The Tesla Cybertruck. The Tesla Roadster. The Tesla Semi.
The three products above saw new expected production dates from Tesla CEO Elon Musk on Thursday at its “Cyber Rodeo” at Gigafactory Texas. Despite Tesla accomplishing so many incredible things over the past fourteen years, from basically financial ruin to the most valuable automaker in the world, 2023 is a chance for the company to truly break away from its competitors once and for all. It just has to come through on its promises.
It is no secret Tesla has come up short with some of its delivery timelines. The Cybertruck was slotted for production in late 2020. The Roadster’s revamped version has been pushed back several times. The Semi is still a priority, but so are saving battery cells for the mass-market vehicles Tesla produces. Full Self-Driving was slotted to be completed for the first time in 2018. 30,000 Robotaxis were expected to hit the streets by the end of 2021.
Then the pandemic hit in 2020, and the entire automotive industry felt the effects. While resilient in its efforts to avoid chip shortages, supply bottlenecks, and an extending backlog, Tesla took matters into its own hands. It said it developed 19 versions of microcontrollers thanks to the efforts of its in-house engineers, it ramped production of its 4680 battery cells, which it implemented in the first Made-in-Austin Model Ys, and it opened two new factories in the first four months of 2022, effectively doubling its production output as a company.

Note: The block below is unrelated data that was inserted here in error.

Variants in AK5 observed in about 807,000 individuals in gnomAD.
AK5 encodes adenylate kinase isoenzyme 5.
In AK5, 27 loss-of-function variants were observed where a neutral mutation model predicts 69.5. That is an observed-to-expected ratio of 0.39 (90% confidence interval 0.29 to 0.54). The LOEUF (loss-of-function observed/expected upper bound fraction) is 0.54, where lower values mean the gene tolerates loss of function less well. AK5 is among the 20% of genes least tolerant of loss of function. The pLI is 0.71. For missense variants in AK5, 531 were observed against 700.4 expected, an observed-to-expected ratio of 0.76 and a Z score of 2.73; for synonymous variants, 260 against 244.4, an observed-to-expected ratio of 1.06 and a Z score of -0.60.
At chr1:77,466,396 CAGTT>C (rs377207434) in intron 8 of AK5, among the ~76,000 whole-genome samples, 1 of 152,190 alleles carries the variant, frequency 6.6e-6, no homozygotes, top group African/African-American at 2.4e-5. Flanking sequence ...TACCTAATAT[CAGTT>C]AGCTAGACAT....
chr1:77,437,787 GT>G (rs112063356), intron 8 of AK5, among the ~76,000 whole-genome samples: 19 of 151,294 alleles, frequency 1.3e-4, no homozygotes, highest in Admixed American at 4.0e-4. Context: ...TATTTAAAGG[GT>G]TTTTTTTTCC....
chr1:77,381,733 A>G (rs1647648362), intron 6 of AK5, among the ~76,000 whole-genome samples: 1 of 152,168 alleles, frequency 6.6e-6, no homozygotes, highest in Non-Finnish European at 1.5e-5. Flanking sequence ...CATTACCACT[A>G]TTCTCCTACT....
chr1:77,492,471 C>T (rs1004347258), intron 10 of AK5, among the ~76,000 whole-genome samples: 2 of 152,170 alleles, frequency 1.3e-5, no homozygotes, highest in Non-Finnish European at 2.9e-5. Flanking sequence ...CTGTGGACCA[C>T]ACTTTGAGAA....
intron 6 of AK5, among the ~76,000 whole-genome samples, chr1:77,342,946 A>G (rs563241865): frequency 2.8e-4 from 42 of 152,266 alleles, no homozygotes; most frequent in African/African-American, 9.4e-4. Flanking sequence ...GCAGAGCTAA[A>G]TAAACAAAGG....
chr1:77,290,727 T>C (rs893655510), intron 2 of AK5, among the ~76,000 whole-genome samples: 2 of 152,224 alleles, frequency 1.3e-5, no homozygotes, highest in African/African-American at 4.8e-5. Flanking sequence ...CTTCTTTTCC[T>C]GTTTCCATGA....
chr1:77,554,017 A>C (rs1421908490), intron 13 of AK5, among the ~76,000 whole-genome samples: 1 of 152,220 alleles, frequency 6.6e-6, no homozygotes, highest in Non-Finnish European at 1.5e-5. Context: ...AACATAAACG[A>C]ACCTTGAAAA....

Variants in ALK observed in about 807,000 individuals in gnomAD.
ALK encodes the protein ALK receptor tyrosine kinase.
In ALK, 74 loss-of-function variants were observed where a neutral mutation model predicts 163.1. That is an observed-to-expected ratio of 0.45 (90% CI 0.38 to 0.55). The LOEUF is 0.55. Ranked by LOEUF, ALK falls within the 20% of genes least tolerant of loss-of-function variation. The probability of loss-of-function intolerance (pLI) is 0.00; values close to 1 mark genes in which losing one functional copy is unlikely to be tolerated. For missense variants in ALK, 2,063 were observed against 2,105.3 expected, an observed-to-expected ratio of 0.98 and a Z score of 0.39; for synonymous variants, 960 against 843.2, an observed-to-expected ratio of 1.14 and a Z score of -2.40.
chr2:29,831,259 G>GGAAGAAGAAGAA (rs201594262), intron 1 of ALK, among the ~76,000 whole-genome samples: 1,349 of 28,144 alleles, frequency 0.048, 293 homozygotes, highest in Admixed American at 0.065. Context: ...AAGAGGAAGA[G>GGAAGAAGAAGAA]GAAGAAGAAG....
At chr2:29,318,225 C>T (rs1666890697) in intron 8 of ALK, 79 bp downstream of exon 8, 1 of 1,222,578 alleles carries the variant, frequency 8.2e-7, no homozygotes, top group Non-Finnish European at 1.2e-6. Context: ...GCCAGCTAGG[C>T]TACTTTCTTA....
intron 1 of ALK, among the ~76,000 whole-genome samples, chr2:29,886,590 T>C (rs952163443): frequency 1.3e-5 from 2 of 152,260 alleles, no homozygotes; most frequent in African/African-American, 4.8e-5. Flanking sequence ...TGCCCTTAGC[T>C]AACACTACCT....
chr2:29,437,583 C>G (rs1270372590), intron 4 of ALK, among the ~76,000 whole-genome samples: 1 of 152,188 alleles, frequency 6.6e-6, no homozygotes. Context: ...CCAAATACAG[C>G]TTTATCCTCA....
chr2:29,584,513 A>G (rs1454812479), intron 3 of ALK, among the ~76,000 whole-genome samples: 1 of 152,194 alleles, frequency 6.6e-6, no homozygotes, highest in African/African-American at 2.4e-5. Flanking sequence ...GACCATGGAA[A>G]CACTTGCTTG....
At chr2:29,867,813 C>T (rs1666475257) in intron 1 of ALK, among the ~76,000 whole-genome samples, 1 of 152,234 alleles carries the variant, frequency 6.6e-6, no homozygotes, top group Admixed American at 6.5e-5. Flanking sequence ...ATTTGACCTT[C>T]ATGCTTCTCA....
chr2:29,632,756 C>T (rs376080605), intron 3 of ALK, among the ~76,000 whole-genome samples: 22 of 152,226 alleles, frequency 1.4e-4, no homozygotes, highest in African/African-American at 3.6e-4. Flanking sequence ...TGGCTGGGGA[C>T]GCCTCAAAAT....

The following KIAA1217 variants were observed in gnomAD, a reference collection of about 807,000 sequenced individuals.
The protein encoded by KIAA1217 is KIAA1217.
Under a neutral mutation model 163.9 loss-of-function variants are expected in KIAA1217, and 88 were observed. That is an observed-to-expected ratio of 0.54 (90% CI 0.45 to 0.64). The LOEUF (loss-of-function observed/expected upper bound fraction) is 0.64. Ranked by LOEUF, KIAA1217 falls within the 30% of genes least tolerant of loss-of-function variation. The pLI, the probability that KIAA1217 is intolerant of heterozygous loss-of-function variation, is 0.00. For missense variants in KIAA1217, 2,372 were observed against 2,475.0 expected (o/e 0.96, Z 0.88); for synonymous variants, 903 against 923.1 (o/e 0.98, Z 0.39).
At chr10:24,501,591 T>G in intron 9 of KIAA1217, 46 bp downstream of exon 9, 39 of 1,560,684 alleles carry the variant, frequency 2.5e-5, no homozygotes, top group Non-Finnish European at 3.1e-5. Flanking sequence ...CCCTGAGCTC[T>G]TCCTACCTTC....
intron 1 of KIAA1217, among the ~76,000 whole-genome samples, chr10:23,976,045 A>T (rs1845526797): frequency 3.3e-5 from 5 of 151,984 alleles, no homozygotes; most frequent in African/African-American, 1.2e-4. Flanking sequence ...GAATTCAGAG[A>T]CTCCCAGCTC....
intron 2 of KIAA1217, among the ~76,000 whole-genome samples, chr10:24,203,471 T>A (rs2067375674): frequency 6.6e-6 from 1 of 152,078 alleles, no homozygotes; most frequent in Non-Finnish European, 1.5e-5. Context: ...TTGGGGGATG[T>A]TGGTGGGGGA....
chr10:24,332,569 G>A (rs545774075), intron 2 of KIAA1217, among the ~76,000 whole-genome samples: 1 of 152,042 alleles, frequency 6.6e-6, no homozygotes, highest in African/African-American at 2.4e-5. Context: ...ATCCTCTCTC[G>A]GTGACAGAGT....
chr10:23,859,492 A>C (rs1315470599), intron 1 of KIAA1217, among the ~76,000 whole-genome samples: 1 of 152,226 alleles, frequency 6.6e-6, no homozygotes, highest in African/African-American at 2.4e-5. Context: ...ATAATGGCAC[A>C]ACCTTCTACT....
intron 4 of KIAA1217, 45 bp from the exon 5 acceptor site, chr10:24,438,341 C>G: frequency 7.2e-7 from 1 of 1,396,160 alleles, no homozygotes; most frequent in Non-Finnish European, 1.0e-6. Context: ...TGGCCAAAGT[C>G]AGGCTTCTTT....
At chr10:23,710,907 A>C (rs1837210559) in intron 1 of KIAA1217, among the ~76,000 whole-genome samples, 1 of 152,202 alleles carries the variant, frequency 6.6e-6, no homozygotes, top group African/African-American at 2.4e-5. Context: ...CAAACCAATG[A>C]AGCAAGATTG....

But more than anything, 2023 is a chance for Tesla to truly break away from its competitors in terms of its product line. While many companies are focused on passenger or commercial electric vehicles exclusively, Tesla has an opportunity to expand its product line to fit nearly every sector of transportation.
The Cybertruck will be the fourth all-electric pickup on the market, following the Rivian R1T, the GMC Hummer EV, and the Ford F-150 Lightning.
The Roadster will be the first of its kind: an estimated 600+ miles of range combined with an already proven and lightning-fast powertrain, and it might even hover.
The Cybertruck is absolutely the priority for Tesla: the truck has over 1 million pre-orders, and the list of reservations continues to grow with every new sighting. If Tesla can dial in production of the Cybertruck in 2023, it will not only deny so many naysayers of their skepticism, but it will also prove the company has effectively outgrown its cell supply shortages and parts bottlenecks.
The Roadster, while more of a novelty item, will bring the automaker’s revamped and revolutionary vehicle back from the dead. After so many customers and Referral Program winners may have given up on ever seeing the next-gen Roadster, Tesla bringing that project back from the dead would mean so much to the early adopters and the patient and loyal fans who have ached for the futuristic and sleek rebirth of the original Tesla vehicle.
The Semi would only prove Tesla dominance even further. It would be a large-scale commercial vehicle that supplements Tesla’s already robust and expansive product line. Covering the luxury, mass market, pickup truck, and commercial sectors would be monumental for a company that has already changed the overall architecture of the global automotive industry.
“My view is that many on the Street and the auto industry do not appreciate just how important and revolutionary the Austin factory is for Tesla,” Wedbush analyst Dan Ives said. “It changes the game for Tesla from a supply perspective along with Berlin-further flexes production muscles when other autos struggling.”
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